'How to Create a Mind': The matter of Ray Kurzweil's mind

The single-minded transhumanist offers his best insights -- and worst tendencies


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Ray Kurzweil only has one idea, but it's a pretty good one. Good enough, anyway, to fill out a half dozen best-selling books and pack lecture halls virtually everywhere he goes. It is essentially this: A simple concept, iterated to an extravagant degree, will produce astonishing outcomes.

In the books for which Mr. Kurzweil is best known -- "The Age of Intelligent Machines" (1990), "The Age of Spiritual Machines" (1998) and "The Singularity Is Near" (2005) -- the operative concept is Moore's Law, the Silicon Valley axiom that machine intelligence tends to accrue exponentially. The astonishing outcome, inherent in the logic of exponential growth, is singularity: the moment when a seemingly linear pattern of technological development suddenly goes off the rails. One day very soon, Mr. Kurzweil predicts, we will wake up in a world transformed from top to bottom by presently unthinkable technological marvels: sentient computers, probably, or human minds bootstrapped to godlike superintelligence.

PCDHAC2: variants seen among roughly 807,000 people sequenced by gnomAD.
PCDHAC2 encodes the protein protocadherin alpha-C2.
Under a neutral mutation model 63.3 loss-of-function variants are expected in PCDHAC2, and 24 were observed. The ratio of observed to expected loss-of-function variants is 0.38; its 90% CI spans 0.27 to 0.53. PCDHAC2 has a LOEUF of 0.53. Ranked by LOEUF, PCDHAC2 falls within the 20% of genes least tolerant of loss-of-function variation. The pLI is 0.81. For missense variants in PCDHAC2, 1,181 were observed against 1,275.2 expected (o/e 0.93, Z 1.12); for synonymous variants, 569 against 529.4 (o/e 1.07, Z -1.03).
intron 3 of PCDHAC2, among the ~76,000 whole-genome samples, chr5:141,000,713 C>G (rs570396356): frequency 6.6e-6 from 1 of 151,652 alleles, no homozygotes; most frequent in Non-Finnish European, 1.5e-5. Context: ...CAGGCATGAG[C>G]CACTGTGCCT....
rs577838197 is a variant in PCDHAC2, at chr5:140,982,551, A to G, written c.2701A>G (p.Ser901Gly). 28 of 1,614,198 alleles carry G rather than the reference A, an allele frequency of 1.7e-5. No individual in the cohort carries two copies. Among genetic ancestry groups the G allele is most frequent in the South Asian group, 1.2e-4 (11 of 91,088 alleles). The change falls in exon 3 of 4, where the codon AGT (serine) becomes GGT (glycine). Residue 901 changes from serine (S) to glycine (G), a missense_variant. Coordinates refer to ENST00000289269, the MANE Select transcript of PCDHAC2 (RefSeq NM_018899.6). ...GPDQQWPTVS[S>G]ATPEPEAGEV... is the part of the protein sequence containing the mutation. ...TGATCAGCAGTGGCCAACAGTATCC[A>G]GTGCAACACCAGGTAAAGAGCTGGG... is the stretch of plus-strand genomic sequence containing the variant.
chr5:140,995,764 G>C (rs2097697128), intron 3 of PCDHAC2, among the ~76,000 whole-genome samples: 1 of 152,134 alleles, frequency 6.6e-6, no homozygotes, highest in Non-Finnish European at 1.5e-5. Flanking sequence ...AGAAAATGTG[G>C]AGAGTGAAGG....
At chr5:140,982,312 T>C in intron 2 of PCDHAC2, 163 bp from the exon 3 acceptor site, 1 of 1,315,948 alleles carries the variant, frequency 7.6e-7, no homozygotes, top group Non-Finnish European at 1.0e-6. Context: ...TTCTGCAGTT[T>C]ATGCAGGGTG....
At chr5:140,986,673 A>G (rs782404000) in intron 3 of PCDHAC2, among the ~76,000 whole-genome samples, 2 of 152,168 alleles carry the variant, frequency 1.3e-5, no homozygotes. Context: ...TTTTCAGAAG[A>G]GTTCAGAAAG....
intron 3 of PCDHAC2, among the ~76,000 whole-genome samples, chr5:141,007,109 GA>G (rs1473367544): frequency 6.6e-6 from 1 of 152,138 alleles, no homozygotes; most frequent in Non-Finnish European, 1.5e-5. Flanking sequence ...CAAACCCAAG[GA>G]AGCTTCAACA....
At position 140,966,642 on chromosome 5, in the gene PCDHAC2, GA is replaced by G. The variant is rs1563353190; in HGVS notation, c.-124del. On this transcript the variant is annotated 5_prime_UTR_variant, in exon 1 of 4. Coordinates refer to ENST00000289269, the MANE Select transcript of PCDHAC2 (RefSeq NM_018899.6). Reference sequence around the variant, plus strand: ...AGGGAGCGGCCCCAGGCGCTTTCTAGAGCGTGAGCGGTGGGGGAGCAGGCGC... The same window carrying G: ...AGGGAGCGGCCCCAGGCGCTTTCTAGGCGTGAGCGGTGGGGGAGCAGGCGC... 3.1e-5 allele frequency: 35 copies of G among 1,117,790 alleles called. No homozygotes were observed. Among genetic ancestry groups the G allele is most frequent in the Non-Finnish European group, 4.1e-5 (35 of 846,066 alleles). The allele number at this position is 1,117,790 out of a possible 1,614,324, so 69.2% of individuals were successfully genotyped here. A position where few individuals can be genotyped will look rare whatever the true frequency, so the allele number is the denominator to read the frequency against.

An avowed transhumanist, Mr. Kurzweil is particularly keen on the latter scenario, and his latest book attempts to lend it some needed theoretical coherence.


"HOW TO CREATE A MIND: THE SECRET OF HUMAN THOUGHT REVEALED"

By Ray Kurzweil.
Viking/Penguin ($27.95).